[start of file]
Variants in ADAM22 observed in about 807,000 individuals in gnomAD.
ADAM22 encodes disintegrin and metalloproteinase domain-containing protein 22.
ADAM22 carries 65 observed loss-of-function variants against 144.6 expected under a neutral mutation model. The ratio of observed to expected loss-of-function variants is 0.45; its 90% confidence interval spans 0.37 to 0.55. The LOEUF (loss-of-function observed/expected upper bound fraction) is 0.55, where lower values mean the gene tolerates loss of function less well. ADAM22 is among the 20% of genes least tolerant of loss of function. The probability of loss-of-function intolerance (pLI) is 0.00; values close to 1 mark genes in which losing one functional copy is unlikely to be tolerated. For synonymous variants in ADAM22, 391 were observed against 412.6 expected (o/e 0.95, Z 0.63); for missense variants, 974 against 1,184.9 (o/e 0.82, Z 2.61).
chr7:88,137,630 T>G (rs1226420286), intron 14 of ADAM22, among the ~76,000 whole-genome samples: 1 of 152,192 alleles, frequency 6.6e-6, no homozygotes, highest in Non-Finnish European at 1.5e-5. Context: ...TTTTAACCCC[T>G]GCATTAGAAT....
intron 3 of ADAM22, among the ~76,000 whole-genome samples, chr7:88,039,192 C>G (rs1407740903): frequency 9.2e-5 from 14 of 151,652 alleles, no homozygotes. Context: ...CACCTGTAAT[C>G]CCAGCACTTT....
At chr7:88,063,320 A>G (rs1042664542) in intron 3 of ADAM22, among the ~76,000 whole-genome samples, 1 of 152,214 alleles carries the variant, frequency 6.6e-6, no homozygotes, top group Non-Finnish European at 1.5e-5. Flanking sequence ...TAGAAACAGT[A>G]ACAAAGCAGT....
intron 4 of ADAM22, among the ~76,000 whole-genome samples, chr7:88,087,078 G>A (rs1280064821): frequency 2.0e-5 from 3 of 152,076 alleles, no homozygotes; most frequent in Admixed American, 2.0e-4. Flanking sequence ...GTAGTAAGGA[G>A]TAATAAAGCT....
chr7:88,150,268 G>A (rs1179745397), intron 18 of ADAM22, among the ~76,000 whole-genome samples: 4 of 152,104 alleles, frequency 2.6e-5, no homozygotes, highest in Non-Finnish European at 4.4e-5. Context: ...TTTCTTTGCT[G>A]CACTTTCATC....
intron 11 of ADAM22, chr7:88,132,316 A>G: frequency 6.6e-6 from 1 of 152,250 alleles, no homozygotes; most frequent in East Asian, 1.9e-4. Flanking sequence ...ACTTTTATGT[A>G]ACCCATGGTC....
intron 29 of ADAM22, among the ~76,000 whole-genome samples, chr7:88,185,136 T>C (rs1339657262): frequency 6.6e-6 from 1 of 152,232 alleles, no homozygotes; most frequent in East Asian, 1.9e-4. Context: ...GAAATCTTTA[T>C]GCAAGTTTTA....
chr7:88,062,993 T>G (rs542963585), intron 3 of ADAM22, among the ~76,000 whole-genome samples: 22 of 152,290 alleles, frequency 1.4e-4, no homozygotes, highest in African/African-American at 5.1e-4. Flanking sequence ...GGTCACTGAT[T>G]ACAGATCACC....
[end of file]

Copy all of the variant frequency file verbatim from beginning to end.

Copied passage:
Variants in ADAM22 observed in about 807,000 individuals in gnomAD.
ADAM22 encodes disintegrin and metalloproteinase domain-containing protein 22.
ADAM22 carries 65 observed loss-of-function variants against 144.6 expected under a neutral mutation model. The ratio of observed to expected loss-of-function variants is 0.45; its 90% confidence interval spans 0.37 to 0.55. The LOEUF (loss-of-function observed/expected upper bound fraction) is 0.55, where lower values mean the gene tolerates loss of function less well. ADAM22 is among the 20% of genes least tolerant of loss of function. The probability of loss-of-function intolerance (pLI) is 0.00; values close to 1 mark genes in which losing one functional copy is unlikely to be tolerated. For synonymous variants in ADAM22, 391 were observed against 412.6 expected (o/e 0.95, Z 0.63); for missense variants, 974 against 1,184.9 (o/e 0.82, Z 2.61).
chr7:88,137,630 T>G (rs1226420286), intron 14 of ADAM22, among the ~76,000 whole-genome samples: 1 of 152,192 alleles, frequency 6.6e-6, no homozygotes, highest in Non-Finnish European at 1.5e-5. Context: ...TTTTAACCCC[T>G]GCATTAGAAT....
intron 3 of ADAM22, among the ~76,000 whole-genome samples, chr7:88,039,192 C>G (rs1407740903): frequency 9.2e-5 from 14 of 151,652 alleles, no homozygotes. Context: ...CACCTGTAAT[C>G]CCAGCACTTT....
At chr7:88,063,320 A>G (rs1042664542) in intron 3 of ADAM22, among the ~76,000 whole-genome samples, 1 of 152,214 alleles carries the variant, frequency 6.6e-6, no homozygotes, top group Non-Finnish European at 1.5e-5. Flanking sequence ...TAGAAACAGT[A>G]ACAAAGCAGT....
intron 4 of ADAM22, among the ~76,000 whole-genome samples, chr7:88,087,078 G>A (rs1280064821): frequency 2.0e-5 from 3 of 152,076 alleles, no homozygotes; most frequent in Admixed American, 2.0e-4. Flanking sequence ...GTAGTAAGGA[G>A]TAATAAAGCT....
chr7:88,150,268 G>A (rs1179745397), intron 18 of ADAM22, among the ~76,000 whole-genome samples: 4 of 152,104 alleles, frequency 2.6e-5, no homozygotes, highest in Non-Finnish European at 4.4e-5. Context: ...TTTCTTTGCT[G>A]CACTTTCATC....
intron 11 of ADAM22, chr7:88,132,316 A>G: frequency 6.6e-6 from 1 of 152,250 alleles, no homozygotes; most frequent in East Asian, 1.9e-4. Flanking sequence ...ACTTTTATGT[A>G]ACCCATGGTC....
intron 29 of ADAM22, among the ~76,000 whole-genome samples, chr7:88,185,136 T>C (rs1339657262): frequency 6.6e-6 from 1 of 152,232 alleles, no homozygotes; most frequent in East Asian, 1.9e-4. Context: ...GAAATCTTTA[T>C]GCAAGTTTTA....
chr7:88,062,993 T>G (rs542963585), intron 3 of ADAM22, among the ~76,000 whole-genome samples: 22 of 152,290 alleles, frequency 1.4e-4, no homozygotes, highest in African/African-American at 5.1e-4. Flanking sequence ...GGTCACTGAT[T>G]ACAGATCACC....